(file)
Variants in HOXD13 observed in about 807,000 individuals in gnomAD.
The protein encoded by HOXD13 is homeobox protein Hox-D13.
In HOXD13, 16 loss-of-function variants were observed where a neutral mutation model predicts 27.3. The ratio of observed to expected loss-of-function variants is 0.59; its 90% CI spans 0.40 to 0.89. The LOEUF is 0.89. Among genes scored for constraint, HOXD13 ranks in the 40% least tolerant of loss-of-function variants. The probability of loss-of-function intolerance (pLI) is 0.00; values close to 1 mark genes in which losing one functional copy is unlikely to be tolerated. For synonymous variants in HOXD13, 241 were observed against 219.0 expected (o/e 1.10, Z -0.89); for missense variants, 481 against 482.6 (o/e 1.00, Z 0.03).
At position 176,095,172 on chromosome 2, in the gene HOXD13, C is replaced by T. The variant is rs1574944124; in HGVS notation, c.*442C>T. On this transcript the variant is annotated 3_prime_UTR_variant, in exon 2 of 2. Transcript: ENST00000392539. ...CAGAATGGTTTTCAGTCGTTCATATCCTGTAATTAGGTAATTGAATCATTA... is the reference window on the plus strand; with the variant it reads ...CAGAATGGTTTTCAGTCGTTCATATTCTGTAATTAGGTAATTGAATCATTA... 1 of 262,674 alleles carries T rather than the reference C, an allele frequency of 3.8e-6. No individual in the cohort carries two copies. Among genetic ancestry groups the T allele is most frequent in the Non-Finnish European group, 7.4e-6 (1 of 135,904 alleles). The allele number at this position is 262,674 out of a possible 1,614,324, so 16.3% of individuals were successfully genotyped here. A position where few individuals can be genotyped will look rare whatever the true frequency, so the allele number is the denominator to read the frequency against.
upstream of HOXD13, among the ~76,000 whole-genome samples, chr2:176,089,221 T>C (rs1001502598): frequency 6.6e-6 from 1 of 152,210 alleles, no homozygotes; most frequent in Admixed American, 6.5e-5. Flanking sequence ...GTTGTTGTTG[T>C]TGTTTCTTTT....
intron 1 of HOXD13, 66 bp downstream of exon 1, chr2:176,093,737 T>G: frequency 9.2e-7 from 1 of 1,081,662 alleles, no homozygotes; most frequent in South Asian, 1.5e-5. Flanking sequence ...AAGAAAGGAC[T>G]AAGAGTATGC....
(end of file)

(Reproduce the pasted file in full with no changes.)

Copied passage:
Variants in HOXD13 observed in about 807,000 individuals in gnomAD.
The protein encoded by HOXD13 is homeobox protein Hox-D13.
In HOXD13, 16 loss-of-function variants were observed where a neutral mutation model predicts 27.3. The ratio of observed to expected loss-of-function variants is 0.59; its 90% CI spans 0.40 to 0.89. The LOEUF is 0.89. Among genes scored for constraint, HOXD13 ranks in the 40% least tolerant of loss-of-function variants. The probability of loss-of-function intolerance (pLI) is 0.00; values close to 1 mark genes in which losing one functional copy is unlikely to be tolerated. For synonymous variants in HOXD13, 241 were observed against 219.0 expected (o/e 1.10, Z -0.89); for missense variants, 481 against 482.6 (o/e 1.00, Z 0.03).
At position 176,095,172 on chromosome 2, in the gene HOXD13, C is replaced by T. The variant is rs1574944124; in HGVS notation, c.*442C>T. On this transcript the variant is annotated 3_prime_UTR_variant, in exon 2 of 2. Transcript: ENST00000392539. ...CAGAATGGTTTTCAGTCGTTCATATCCTGTAATTAGGTAATTGAATCATTA... is the reference window on the plus strand; with the variant it reads ...CAGAATGGTTTTCAGTCGTTCATATTCTGTAATTAGGTAATTGAATCATTA... 1 of 262,674 alleles carries T rather than the reference C, an allele frequency of 3.8e-6. No individual in the cohort carries two copies. Among genetic ancestry groups the T allele is most frequent in the Non-Finnish European group, 7.4e-6 (1 of 135,904 alleles). The allele number at this position is 262,674 out of a possible 1,614,324, so 16.3% of individuals were successfully genotyped here. A position where few individuals can be genotyped will look rare whatever the true frequency, so the allele number is the denominator to read the frequency against.
upstream of HOXD13, among the ~76,000 whole-genome samples, chr2:176,089,221 T>C (rs1001502598): frequency 6.6e-6 from 1 of 152,210 alleles, no homozygotes; most frequent in Admixed American, 6.5e-5. Flanking sequence ...GTTGTTGTTG[T>C]TGTTTCTTTT....
intron 1 of HOXD13, 66 bp downstream of exon 1, chr2:176,093,737 T>G: frequency 9.2e-7 from 1 of 1,081,662 alleles, no homozygotes; most frequent in South Asian, 1.5e-5. Flanking sequence ...AAGAAAGGAC[T>G]AAGAGTATGC....